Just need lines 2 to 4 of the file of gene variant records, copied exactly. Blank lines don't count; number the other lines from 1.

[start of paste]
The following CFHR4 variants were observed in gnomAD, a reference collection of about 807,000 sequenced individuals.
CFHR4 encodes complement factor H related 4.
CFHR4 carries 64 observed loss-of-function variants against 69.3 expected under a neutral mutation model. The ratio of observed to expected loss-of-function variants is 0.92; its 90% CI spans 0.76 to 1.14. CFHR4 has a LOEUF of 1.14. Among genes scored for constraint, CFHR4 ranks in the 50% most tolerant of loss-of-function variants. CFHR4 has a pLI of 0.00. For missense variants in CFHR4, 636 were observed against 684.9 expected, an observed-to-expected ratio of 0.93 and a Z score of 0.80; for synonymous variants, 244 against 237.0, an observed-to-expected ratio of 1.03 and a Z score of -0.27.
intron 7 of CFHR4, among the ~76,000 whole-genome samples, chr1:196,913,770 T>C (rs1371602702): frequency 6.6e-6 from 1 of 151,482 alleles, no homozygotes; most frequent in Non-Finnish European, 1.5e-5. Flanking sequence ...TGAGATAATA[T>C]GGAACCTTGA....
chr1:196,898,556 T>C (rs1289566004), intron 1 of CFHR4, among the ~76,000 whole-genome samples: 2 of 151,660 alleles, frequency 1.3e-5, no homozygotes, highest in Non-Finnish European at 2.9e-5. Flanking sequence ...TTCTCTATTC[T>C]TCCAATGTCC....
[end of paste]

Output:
CFHR4 encodes complement factor H related 4.
CFHR4 carries 64 observed loss-of-function variants against 69.3 expected under a neutral mutation model. The ratio of observed to expected loss-of-function variants is 0.92; its 90% CI spans 0.76 to 1.14. CFHR4 has a LOEUF of 1.14. Among genes scored for constraint, CFHR4 ranks in the 50% most tolerant of loss-of-function variants. CFHR4 has a pLI of 0.00. For missense variants in CFHR4, 636 were observed against 684.9 expected, an observed-to-expected ratio of 0.93 and a Z score of 0.80; for synonymous variants, 244 against 237.0, an observed-to-expected ratio of 1.03 and a Z score of -0.27.
intron 7 of CFHR4, among the ~76,000 whole-genome samples, chr1:196,913,770 T>C (rs1371602702): frequency 6.6e-6 from 1 of 151,482 alleles, no homozygotes; most frequent in Non-Finnish European, 1.5e-5. Flanking sequence ...TGAGATAATA[T>C]GGAACCTTGA....